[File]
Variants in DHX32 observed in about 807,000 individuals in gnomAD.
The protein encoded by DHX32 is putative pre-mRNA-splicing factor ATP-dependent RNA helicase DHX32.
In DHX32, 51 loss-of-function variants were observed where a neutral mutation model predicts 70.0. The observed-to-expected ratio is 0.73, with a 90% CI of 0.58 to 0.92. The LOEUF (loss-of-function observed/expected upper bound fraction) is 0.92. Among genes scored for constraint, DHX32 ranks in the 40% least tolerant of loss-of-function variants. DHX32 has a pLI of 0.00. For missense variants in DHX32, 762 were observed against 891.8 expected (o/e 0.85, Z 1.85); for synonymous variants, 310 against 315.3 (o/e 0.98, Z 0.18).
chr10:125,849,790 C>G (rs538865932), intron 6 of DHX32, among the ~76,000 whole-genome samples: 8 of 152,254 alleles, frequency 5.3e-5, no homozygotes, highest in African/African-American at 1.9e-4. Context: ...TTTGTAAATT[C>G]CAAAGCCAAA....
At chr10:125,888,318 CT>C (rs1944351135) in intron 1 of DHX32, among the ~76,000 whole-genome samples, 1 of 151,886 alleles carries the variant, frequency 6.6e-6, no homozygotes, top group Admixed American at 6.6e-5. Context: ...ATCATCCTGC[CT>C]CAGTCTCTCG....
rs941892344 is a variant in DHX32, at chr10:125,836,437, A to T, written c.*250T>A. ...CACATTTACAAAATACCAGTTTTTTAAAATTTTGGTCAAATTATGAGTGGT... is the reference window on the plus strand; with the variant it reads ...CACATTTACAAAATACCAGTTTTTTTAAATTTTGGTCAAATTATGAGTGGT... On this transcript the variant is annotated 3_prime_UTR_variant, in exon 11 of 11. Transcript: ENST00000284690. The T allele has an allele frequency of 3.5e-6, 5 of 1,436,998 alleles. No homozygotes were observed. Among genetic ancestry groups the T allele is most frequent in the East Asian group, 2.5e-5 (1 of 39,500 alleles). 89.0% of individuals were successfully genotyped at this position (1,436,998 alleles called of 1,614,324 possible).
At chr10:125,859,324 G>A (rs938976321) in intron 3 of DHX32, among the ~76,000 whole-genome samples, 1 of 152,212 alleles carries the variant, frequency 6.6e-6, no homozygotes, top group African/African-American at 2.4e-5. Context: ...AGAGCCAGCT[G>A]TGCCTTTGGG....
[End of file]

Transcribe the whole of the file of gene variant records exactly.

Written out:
Variants in DHX32 observed in about 807,000 individuals in gnomAD.
The protein encoded by DHX32 is putative pre-mRNA-splicing factor ATP-dependent RNA helicase DHX32.
In DHX32, 51 loss-of-function variants were observed where a neutral mutation model predicts 70.0. The observed-to-expected ratio is 0.73, with a 90% CI of 0.58 to 0.92. The LOEUF (loss-of-function observed/expected upper bound fraction) is 0.92. Among genes scored for constraint, DHX32 ranks in the 40% least tolerant of loss-of-function variants. DHX32 has a pLI of 0.00. For missense variants in DHX32, 762 were observed against 891.8 expected (o/e 0.85, Z 1.85); for synonymous variants, 310 against 315.3 (o/e 0.98, Z 0.18).
chr10:125,849,790 C>G (rs538865932), intron 6 of DHX32, among the ~76,000 whole-genome samples: 8 of 152,254 alleles, frequency 5.3e-5, no homozygotes, highest in African/African-American at 1.9e-4. Context: ...TTTGTAAATT[C>G]CAAAGCCAAA....
At chr10:125,888,318 CT>C (rs1944351135) in intron 1 of DHX32, among the ~76,000 whole-genome samples, 1 of 151,886 alleles carries the variant, frequency 6.6e-6, no homozygotes, top group Admixed American at 6.6e-5. Context: ...ATCATCCTGC[CT>C]CAGTCTCTCG....
rs941892344 is a variant in DHX32, at chr10:125,836,437, A to T, written c.*250T>A. ...CACATTTACAAAATACCAGTTTTTTAAAATTTTGGTCAAATTATGAGTGGT... is the reference window on the plus strand; with the variant it reads ...CACATTTACAAAATACCAGTTTTTTTAAATTTTGGTCAAATTATGAGTGGT... On this transcript the variant is annotated 3_prime_UTR_variant, in exon 11 of 11. Transcript: ENST00000284690. The T allele has an allele frequency of 3.5e-6, 5 of 1,436,998 alleles. No homozygotes were observed. Among genetic ancestry groups the T allele is most frequent in the East Asian group, 2.5e-5 (1 of 39,500 alleles). 89.0% of individuals were successfully genotyped at this position (1,436,998 alleles called of 1,614,324 possible).
At chr10:125,859,324 G>A (rs938976321) in intron 3 of DHX32, among the ~76,000 whole-genome samples, 1 of 152,212 alleles carries the variant, frequency 6.6e-6, no homozygotes, top group African/African-American at 2.4e-5. Context: ...AGAGCCAGCT[G>A]TGCCTTTGGG....